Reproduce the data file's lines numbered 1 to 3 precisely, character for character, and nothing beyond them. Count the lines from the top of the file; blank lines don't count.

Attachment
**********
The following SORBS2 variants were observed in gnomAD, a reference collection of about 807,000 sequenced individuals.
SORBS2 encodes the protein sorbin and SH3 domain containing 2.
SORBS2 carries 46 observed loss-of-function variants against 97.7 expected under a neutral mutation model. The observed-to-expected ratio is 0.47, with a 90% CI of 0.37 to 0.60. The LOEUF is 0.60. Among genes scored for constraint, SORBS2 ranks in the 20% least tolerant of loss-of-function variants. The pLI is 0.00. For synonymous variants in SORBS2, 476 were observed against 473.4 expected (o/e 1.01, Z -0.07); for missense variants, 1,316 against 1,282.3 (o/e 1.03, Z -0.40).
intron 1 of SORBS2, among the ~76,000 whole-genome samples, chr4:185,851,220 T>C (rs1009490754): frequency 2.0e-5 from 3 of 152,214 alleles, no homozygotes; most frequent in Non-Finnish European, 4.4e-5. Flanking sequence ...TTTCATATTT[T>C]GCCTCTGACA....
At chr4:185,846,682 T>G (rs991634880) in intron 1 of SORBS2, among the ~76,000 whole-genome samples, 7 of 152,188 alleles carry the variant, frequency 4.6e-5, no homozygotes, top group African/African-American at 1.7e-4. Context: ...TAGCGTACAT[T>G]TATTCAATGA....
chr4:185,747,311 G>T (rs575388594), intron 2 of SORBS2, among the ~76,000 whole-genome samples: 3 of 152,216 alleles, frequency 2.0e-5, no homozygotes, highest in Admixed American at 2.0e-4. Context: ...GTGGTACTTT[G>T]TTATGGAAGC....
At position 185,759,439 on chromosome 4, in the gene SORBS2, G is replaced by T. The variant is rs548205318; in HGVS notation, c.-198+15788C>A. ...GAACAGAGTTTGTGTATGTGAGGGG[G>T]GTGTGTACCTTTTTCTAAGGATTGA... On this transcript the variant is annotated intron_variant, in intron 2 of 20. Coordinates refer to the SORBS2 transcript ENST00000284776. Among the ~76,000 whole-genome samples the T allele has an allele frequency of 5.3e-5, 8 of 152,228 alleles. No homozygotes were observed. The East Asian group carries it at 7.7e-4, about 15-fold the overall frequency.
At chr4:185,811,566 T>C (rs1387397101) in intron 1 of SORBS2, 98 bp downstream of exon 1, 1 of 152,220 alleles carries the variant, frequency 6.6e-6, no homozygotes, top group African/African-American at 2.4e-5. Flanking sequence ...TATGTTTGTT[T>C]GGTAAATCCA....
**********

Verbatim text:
The following SORBS2 variants were observed in gnomAD, a reference collection of about 807,000 sequenced individuals.
SORBS2 encodes the protein sorbin and SH3 domain containing 2.
SORBS2 carries 46 observed loss-of-function variants against 97.7 expected under a neutral mutation model. The observed-to-expected ratio is 0.47, with a 90% CI of 0.37 to 0.60. The LOEUF is 0.60. Among genes scored for constraint, SORBS2 ranks in the 20% least tolerant of loss-of-function variants. The pLI is 0.00. For synonymous variants in SORBS2, 476 were observed against 473.4 expected (o/e 1.01, Z -0.07); for missense variants, 1,316 against 1,282.3 (o/e 1.03, Z -0.40).